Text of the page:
19. Parrenas, R. S. (2001). Servants of globalization: Women, migration, and domestic work. Stanford, CA: Stanford University Press.

 

            This book offers a study of migrant Filipina domestic workers who leave their own families behind to do the mothering and caretaking work of the global economy in countries throughout the world. It specifically focuses on the emergence of parallel lives among such workers in the cities of Rome and Los Angeles, two main destinations for Filipina migration. The book is largely based on interviews with domestic workers, but it also portrays the larger economic picture as domestic workers from developing countries increasingly come to perform the menial labor of the global economy. This is often done at great cost to the relations with their own split-apart families. The experiences of migrant Filipina domestic workers are also shown to entail a feeling of exclusion from their host society, a downward mobility from their professional jobs in the Philippines, and an encounter with both solidarity and competition from other migrant workers in their communities. The author applies a new theoretical lens to the study of migration-the level of the subject, moving away from the two dominant theoretical models in migration literature, the macro and the intermediate. At the same time, she analyzes the three spatial terrains of the various institutions that migrant Filipina domestic workers inhabit-the local, the transnational, and the global. She draws upon the literature of international migration, sociology of the family, women's work, and cultural studies to illustrate the reconfiguration of the family community and social identity in migration and globalization. The book shows how globalization not only propels the migration of Filipina domestic workers but also results in the formation of parallel realities among them in cities with greatly different contexts of reception.

 

            KEY WORDS: Women; Employment; Foreign Countries; Filipinos; Women Domestics; Alien Labor; Philippine; Emigration; Government Policy.

 

20. Sedlezky, L., Anderson, L., Hewitt, A., O'Nell, S., Sauer, J., Larson, S., et al. (2001). The power of diversity: Supporting the immigrant workforce. Washington, DC: National Institute on Disability and Rehabilitation Research.

 

            This curriculum was designed to teach frontline supervisors of community-based services and programs that provide supports to persons with developmental disabilities. The curriculum is based on a set of identified competencies for frontline supervisors and the findings of a series of focus groups that were conducted by the Institute on Community Integration with direct support professionals, frontline supervisors and administrators from agencies in Minnesota. Issues, challenges, and benefits of new immigrants entering the direct support workforce were identified during the focus groups, and the materials presented in this curriculum are designed to address these challenges. Specific modules address: (1) understanding diversity; (2) building a cohesive team by supporting immigrant workers; (3) orienting and training the immigrant worker; and (4) recruiting, hiring, and organizational practices that support immigrant workers. The training curriculum consists of both a facilitator guide and a learner guide. The facilitator guide is designed to be used by trainers and facilitators who have a good understanding of the issues. Step-by-step instructions are provided in the guide for each activity. The learner guide is to be used as a workbook during the training and as a reference guide.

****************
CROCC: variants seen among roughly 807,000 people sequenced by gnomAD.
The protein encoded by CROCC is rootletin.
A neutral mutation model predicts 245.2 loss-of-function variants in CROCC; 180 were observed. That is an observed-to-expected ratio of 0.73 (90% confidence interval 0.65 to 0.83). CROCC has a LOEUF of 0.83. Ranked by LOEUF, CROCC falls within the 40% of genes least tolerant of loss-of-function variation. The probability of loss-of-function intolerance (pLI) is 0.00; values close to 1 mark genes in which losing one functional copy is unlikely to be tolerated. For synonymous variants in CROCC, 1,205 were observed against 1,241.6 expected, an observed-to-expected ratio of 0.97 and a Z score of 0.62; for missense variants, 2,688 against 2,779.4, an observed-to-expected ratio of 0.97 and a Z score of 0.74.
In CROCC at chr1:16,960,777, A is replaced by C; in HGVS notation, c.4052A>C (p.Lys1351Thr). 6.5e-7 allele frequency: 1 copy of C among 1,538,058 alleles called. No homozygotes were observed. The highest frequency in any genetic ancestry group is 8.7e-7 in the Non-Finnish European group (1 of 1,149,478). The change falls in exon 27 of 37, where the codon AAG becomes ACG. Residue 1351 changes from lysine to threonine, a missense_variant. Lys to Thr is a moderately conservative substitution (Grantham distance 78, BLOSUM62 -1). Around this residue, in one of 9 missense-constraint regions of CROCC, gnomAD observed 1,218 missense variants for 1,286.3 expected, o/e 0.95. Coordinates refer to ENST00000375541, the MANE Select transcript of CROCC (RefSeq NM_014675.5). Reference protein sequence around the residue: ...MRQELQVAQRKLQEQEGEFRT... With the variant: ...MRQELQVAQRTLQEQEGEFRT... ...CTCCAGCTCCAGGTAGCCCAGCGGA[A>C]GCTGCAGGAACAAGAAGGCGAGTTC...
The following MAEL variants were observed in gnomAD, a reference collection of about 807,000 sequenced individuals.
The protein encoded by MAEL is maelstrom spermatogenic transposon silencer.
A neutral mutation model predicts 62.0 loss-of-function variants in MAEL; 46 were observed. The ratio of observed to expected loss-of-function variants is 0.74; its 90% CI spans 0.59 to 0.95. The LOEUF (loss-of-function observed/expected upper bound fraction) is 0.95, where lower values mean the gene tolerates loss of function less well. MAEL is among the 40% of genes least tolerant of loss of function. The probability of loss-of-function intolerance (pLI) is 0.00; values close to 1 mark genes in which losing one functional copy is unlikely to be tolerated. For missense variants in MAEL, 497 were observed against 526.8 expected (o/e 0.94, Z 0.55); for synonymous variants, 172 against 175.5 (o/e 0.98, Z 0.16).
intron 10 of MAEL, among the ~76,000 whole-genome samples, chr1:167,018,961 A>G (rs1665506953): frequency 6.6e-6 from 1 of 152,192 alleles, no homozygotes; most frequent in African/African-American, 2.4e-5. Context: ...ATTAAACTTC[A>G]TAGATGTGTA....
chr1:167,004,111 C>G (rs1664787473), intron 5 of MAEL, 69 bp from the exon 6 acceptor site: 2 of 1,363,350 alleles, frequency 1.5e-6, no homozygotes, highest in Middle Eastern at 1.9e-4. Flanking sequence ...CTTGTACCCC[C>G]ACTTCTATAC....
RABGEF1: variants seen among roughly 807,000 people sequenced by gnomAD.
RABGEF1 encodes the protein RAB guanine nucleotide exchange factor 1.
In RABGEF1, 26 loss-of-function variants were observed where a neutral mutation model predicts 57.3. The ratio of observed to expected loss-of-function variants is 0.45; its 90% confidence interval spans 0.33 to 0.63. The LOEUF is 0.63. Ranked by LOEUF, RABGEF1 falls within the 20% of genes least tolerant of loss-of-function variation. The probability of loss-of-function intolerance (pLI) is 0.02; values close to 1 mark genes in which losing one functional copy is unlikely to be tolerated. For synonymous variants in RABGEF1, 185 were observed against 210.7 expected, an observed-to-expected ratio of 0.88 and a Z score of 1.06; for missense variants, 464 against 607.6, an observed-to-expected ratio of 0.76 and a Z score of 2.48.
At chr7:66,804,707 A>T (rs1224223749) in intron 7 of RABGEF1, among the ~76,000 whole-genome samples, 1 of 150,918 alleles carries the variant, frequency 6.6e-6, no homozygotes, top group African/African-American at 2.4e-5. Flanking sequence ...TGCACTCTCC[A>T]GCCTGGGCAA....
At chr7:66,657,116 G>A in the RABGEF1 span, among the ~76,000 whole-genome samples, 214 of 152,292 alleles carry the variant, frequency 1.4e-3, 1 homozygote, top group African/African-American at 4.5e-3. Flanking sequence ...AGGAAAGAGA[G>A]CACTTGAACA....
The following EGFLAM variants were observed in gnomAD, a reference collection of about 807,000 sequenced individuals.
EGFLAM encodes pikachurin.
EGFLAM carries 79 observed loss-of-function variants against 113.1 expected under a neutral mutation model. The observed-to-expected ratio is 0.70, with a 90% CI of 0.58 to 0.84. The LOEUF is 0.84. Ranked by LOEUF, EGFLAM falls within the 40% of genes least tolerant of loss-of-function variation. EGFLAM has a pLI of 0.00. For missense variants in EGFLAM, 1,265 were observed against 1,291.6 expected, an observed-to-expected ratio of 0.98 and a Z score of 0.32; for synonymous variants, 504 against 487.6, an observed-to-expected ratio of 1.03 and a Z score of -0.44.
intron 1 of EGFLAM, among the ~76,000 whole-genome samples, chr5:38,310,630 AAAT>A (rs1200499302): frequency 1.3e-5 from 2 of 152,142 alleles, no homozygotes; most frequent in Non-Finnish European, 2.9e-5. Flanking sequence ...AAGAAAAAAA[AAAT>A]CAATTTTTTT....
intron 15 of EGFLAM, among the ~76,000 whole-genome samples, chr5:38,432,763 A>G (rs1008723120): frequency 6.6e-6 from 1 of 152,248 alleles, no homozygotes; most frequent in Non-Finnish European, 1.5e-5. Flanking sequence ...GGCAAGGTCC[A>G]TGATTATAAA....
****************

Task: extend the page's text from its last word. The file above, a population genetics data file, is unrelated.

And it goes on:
KEY WORDS: Adults; Children; Community Programs; Curriculum; Disabilities; Employer Employee Relationship; Human Services; Immigrants; Minimum Competencies; Organizational Change; Organizational Climate; Organizational Effectiveness; Recruitment; Social Agencies; Social Work; Social Workers; Supervisors; Supervisory Methods; Training; Methods; Minnesota.

 

21. Wilkinson, L. (2002). Factors influencing the academic success of refugee youth in Canada. Journal of Youth Studies, 5(2), 173-193.

 

            The study examines the education experiences of refugee youth in Canada. Using data obtained from a random sample of 91 refugee youths between the ages of 15 and 21, plus data from 123 of their parents, the purpose of this study is to identify the factors influencing their educational success. The study finds that the majority of refugee youth are doing well in the education system, with about 50 per cent expecting to complete high school and to continue to post-secondary education. The remaining 30 per cent are experiencing some difficulty finishing high school and about 20 per cent do not expect to finish their secondary education. Ethnicity, refugee camp experience, appropriate grade placement on arrival, parents' health, urban residence, and number of months in Canada are correlated with academic performance.

 

            KEY WORDS: Academic Achievement; Education Experiences; Youth; Educational Background; Refugees; Canada; "At Risk"; Refugees.

 

 

 

About the CFI Project

1. General Resources
   
for Work & Learning

2. Work

3. Learning

4. Work & Learning

5. Other Topics  in
    Learning & Work

   5.1Technological Change

   5.2 Immigrants

   5.3 Disability

   5.4 Working Conditions

        and Stress